No one at Friday’s White House presser mentioned the aborted Counter-Disinformation Team, conceived by the State Department in 2014 to rebut a rising swell of anti-Western agitprop following Russia’s invasion of Ukraine. As John Schindler reported in the New York Observer, the administration canceled that effort before it ever went live so as ‘not to upset the Russians’. Upsetting Moscow, of course, would have risked upsetting the Iranian nuclear deal that Obama touts as his chief foreign-policy achievement: ‘Through diplomacy, we’ve ensured that Iran cannot obtain a nuclear weapon – without going to war with Iran.’ For now, that is. Tehran is flush with billions in sanctions relief thanks to the nuclear agreement, which the International Atomic Energy Agency says it has already breached twice.

Russian forces and Iranian proxies are now assisting Assad in exterminating all vestiges of regime opposition in Aleppo, even as they let Isis retake Palmyra. And some 500 US special forces are in Syria anyway, without the benefit of controlling Syrian airspace. President-elect Trump has suggested working with Gulf States to set up ‘safe zones’ for Syrian civilians. But as Obama pointed out on Friday, that would require ‘some force that is willing to maintain that territory in the absence of consent from the Syrian government and, now, the Russians or the Iranians.’ In other words, the costs of intervening in Syria have risen sharply over the years.

But here again, Obama says, ‘I continue to believe that it was the right approach.’ George Osborne last week asked MPs to consider their responsibility for ‘a vacuum of Western leadership, including American and British leadership’ in Syria. Obama offered no similar acknowledgement on Friday. ‘I always feel responsible,’ he told reporters. ‘There are places around the world where horrible things are happening, and because of my office, because I’m President of the United States, I feel responsible.’ And yet on Syria, ‘what I have consistently done is taken the best course that I can to try to end the civil war while also having to take into account the long-term national security interests of the United States.’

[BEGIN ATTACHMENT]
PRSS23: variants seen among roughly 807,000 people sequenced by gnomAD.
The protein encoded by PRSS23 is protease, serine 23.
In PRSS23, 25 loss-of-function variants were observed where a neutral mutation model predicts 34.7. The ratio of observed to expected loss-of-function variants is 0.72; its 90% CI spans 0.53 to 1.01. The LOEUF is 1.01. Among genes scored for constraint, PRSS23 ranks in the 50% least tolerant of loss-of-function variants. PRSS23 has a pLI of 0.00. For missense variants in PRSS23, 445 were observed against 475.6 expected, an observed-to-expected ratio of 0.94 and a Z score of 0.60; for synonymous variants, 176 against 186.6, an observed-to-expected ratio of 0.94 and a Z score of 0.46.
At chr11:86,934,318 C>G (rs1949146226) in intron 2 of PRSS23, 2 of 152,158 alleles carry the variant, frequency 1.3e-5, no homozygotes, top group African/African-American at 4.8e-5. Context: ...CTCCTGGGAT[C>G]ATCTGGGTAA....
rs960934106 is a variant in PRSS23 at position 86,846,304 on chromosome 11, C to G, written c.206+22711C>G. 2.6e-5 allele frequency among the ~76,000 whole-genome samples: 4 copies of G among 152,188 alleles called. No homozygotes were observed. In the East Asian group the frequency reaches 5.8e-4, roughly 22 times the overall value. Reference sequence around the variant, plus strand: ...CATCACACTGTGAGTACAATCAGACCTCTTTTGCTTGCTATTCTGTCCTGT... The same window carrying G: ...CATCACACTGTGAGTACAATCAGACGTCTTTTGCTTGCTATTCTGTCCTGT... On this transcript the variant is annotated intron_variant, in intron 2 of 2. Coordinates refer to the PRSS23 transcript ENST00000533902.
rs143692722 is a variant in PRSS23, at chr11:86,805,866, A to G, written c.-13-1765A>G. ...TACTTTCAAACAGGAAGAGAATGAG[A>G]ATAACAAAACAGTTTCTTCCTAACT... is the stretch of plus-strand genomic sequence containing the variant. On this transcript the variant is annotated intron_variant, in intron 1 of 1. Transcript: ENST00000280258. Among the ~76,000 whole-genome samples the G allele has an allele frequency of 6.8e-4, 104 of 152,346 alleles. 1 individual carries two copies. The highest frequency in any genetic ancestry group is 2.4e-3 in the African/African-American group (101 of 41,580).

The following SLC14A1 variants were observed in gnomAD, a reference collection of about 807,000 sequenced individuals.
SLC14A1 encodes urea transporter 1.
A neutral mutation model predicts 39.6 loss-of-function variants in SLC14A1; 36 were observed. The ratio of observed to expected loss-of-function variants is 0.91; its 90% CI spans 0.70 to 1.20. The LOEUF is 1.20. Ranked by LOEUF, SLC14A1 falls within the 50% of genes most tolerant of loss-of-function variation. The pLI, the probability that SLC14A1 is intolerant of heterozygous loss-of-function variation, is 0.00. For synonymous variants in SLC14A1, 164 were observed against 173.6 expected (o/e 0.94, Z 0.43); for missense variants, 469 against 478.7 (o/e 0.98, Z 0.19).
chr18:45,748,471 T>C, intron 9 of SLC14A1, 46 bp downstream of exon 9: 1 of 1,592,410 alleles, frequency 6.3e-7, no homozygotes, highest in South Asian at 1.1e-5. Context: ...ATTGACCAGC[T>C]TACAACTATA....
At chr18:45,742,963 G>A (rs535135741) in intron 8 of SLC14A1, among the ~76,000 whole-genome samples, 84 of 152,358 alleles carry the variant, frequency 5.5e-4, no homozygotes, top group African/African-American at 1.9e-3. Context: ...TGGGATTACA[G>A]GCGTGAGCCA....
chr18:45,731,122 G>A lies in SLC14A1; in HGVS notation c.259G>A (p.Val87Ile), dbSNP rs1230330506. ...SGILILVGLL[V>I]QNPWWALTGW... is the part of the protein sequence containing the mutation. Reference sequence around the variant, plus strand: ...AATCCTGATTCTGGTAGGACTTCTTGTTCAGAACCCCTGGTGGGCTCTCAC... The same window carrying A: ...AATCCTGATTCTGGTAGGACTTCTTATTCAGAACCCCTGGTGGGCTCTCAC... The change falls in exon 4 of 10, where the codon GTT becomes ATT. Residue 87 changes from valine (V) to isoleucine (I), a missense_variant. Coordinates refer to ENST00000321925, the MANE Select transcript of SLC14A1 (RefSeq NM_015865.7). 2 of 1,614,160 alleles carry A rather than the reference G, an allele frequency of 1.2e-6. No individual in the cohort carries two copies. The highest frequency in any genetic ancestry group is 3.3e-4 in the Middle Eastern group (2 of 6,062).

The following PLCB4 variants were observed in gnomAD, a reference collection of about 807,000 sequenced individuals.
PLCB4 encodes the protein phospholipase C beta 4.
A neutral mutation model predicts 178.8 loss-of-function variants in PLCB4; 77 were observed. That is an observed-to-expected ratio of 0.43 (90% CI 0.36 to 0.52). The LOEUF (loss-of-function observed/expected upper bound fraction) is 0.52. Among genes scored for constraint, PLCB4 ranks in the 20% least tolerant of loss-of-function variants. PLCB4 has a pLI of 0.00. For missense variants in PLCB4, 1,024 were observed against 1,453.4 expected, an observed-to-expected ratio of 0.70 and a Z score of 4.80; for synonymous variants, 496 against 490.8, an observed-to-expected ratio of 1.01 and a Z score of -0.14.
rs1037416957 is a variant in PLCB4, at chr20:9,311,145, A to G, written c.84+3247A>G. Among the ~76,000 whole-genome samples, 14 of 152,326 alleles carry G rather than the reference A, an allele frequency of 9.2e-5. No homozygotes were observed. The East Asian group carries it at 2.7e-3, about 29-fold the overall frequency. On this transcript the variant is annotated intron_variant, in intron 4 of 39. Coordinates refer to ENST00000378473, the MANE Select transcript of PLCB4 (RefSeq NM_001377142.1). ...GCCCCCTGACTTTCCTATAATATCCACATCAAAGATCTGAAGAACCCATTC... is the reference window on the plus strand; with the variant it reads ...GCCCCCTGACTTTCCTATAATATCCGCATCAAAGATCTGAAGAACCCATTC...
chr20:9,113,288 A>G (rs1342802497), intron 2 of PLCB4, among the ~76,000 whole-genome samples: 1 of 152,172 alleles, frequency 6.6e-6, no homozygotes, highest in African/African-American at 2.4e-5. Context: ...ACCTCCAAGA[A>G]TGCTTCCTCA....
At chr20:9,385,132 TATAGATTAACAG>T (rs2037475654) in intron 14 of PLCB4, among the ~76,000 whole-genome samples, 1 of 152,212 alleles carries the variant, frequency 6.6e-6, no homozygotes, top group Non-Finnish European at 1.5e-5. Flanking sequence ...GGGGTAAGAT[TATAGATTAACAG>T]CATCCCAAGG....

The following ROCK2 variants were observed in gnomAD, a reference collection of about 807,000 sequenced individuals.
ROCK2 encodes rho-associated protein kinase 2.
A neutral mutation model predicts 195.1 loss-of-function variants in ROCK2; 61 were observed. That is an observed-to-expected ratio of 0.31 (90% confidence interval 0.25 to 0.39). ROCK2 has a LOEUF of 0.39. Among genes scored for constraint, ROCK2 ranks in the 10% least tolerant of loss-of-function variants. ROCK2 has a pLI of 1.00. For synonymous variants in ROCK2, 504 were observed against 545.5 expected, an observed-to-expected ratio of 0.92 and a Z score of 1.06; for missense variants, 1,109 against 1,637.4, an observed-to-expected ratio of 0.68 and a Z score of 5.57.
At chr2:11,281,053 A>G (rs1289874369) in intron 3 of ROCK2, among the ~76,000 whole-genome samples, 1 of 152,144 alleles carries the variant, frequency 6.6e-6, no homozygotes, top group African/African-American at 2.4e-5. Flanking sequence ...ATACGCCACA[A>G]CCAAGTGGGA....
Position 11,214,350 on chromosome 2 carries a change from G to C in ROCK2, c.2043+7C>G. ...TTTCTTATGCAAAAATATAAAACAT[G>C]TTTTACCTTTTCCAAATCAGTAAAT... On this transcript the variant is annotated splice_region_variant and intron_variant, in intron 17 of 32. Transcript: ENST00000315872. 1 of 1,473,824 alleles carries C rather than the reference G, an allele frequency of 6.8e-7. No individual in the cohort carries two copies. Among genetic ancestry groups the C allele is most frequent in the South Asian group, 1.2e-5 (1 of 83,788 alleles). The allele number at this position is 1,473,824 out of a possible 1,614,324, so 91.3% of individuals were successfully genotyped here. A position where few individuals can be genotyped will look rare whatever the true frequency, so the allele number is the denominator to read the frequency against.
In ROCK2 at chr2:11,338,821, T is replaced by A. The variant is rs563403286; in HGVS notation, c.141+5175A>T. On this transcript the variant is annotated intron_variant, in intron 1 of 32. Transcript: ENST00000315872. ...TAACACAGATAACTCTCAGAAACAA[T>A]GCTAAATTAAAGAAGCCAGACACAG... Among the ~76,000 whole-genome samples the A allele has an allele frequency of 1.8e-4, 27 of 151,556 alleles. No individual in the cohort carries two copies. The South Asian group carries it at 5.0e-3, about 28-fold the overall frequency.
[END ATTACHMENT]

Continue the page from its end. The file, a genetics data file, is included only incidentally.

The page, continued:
How US interests are served by Russia and Iran overseeing perpetual war in Syria is beyond even Obama to explain. On relations with Russia more generally, the outgoing President’s main regret seems to be the double-standard applied by his detractors:

‘I mean, think about it. Some of the people who historically have been very critical of me for engaging with the Russians and having conversations with them also endorsed the President-elect, even as he was saying that we should stop sanctioning Russia and being tough on them, and work together with them against our common enemies.’

Trump’s rhetoric on Putin has indeed been troubling, in part because it so closely mirrors the credulity with which Obama approached the Kremlin not long ago. Barring any shenanigans in the Electoral College tomorrow, Donald Trump will soon become the fourth US counterpart to Russian President Putin. President Obama says he’s offering ‘guidance’ and ‘counsel’ to his incoming successor. One only hopes he’s more candid in private than he has been in public about his mistakes over the last eight years, from ‘reset’ to ‘red line’.